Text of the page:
The key options on the table range from the installation of
scrubbers to replacing high sulphur fuel (HSFO) by burning cleaner fuels, such
as low sulphur fuel oil (LSFO), LPG or LNG.
Space is often limited on a small chemical tanker, so
fitting a scrubber is not always an option. And even where space is available,
the high Capex of USD 1.5-2.0 million per ship for retrofitting is proving to
be a further obstacle.
According to Drewry, statistics reveal that only 21 chemical
tankers in the current fleet have scrubbers installed, while an additional 76
vessels are pending installation as of January 1, 2019. In effect, at the start
of 2019, almost 98% of the existing chemical fleet is facing the prospect of
having to use high-cost cleaner fuels when the regulation comes into force in
Some 18 coated chemical tankers have been converted to use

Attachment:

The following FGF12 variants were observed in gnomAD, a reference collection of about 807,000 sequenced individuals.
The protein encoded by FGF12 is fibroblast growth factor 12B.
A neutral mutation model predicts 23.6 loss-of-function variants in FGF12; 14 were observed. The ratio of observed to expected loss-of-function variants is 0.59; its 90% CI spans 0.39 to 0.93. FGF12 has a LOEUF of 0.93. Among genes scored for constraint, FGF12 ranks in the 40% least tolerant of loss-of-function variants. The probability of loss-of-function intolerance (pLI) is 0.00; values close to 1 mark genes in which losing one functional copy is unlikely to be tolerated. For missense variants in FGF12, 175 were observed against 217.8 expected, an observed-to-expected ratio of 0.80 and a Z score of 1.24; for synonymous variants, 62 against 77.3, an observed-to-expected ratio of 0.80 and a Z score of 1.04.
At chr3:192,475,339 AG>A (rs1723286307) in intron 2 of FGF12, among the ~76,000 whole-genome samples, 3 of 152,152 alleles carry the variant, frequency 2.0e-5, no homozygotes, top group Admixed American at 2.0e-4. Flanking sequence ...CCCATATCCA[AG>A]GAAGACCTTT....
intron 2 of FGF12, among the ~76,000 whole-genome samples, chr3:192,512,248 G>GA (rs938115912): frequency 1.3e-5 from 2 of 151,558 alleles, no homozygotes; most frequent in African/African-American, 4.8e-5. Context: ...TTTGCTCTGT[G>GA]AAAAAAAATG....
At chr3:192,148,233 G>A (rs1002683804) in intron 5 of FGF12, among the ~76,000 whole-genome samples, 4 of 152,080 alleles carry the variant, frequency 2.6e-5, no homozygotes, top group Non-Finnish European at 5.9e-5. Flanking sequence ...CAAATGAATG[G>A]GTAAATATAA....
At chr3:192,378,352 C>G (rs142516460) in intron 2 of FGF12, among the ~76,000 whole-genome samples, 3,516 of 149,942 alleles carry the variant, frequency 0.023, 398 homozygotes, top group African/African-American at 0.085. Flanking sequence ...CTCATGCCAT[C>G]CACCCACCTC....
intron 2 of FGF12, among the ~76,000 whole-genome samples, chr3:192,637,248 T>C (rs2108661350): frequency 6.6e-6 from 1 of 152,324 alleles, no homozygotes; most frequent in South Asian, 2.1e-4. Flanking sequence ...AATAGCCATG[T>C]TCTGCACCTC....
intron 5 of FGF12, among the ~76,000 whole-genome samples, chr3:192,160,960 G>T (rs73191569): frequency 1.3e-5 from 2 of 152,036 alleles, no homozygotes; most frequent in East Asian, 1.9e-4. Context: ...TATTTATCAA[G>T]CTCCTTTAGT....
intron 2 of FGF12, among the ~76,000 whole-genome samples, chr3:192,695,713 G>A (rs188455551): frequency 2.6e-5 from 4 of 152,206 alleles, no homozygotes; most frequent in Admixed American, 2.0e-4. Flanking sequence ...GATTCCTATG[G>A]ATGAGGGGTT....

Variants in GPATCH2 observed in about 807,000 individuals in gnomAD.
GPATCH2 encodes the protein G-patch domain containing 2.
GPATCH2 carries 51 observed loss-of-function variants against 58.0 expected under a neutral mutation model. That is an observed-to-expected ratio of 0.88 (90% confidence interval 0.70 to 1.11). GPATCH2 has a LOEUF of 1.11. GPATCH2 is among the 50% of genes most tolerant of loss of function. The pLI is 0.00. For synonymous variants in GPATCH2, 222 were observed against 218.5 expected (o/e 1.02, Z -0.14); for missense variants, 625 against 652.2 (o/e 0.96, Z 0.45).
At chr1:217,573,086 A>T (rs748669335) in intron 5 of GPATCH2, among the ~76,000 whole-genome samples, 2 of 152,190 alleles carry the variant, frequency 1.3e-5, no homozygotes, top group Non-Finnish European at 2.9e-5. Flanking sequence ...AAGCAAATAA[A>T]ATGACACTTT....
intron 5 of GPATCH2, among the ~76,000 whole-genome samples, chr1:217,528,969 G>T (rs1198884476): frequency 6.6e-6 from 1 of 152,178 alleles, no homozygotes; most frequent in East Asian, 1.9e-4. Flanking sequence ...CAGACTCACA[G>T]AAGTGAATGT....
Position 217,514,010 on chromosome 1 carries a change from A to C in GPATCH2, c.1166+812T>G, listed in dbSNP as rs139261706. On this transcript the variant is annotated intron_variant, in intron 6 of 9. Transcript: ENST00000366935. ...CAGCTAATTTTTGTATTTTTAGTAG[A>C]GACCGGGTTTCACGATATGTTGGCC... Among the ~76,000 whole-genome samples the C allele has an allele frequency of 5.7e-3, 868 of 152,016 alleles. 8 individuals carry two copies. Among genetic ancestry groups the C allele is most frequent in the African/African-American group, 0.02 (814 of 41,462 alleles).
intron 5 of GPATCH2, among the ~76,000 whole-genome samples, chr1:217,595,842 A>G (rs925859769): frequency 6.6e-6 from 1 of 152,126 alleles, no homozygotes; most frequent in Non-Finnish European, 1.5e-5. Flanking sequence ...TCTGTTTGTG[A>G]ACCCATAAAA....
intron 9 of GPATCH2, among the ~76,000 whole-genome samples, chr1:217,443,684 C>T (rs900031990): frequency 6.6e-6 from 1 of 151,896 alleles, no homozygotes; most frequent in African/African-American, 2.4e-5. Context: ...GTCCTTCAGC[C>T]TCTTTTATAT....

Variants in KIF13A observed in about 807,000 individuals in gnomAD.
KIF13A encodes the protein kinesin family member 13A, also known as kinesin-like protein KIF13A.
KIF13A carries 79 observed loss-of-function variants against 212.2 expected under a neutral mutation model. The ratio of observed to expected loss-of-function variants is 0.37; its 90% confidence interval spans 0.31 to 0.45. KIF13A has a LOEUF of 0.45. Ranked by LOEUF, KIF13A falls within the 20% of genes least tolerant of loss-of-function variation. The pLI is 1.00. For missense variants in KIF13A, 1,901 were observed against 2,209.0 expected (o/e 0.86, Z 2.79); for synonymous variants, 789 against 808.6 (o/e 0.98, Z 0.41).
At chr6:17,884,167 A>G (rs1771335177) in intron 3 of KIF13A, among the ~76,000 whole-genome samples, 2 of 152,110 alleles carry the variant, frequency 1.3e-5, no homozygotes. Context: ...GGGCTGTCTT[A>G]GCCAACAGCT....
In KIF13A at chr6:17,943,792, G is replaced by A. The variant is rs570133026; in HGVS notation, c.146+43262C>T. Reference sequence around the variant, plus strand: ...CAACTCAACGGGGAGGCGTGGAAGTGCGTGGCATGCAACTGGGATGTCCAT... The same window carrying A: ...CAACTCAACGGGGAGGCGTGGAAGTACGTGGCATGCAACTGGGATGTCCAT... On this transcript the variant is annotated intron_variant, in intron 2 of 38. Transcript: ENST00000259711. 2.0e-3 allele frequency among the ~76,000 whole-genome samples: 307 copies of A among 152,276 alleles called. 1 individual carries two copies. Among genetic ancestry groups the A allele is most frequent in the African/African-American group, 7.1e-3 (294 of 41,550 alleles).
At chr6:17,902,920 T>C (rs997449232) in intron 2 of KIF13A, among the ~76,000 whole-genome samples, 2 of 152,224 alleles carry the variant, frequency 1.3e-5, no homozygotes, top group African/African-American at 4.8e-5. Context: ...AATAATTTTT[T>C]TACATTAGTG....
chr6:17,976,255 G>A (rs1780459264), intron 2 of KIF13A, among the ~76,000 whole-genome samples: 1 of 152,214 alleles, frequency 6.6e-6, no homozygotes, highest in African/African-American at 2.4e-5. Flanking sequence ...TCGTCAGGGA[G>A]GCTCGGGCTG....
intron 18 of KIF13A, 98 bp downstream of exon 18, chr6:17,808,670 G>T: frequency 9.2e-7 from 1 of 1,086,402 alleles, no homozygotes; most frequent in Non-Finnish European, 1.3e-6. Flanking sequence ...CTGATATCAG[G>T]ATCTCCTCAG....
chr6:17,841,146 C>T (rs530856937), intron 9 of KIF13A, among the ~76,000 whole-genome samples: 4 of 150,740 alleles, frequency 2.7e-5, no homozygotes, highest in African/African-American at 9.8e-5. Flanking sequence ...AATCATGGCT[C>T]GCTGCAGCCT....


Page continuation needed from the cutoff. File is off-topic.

LNG on a dual-fuel basis and there are eight methanol-fuelled vessels (along
with four on order) trading chemicals. However, for a large part of the
remaining chemical fleet, it looks like more expensive fuel will be the order
of the day.
“There is no doubt that between now and the deadline, some
further retrofitting of scrubbers will take place. Yet, at best, it can only be
small scale, and we think most chemical tankers will be forced to burn cleaner,
but higher cost fuels when the IMO regulation comes into force in 2020. This
raises the question of whether owners will be able to pass on higher costs to
charterers. Given the current dynamics of the sector as a whole, this must be
in doubt, and we think profitability in chemical shipping will continue to be
squeezed in 2020,” Drewry said.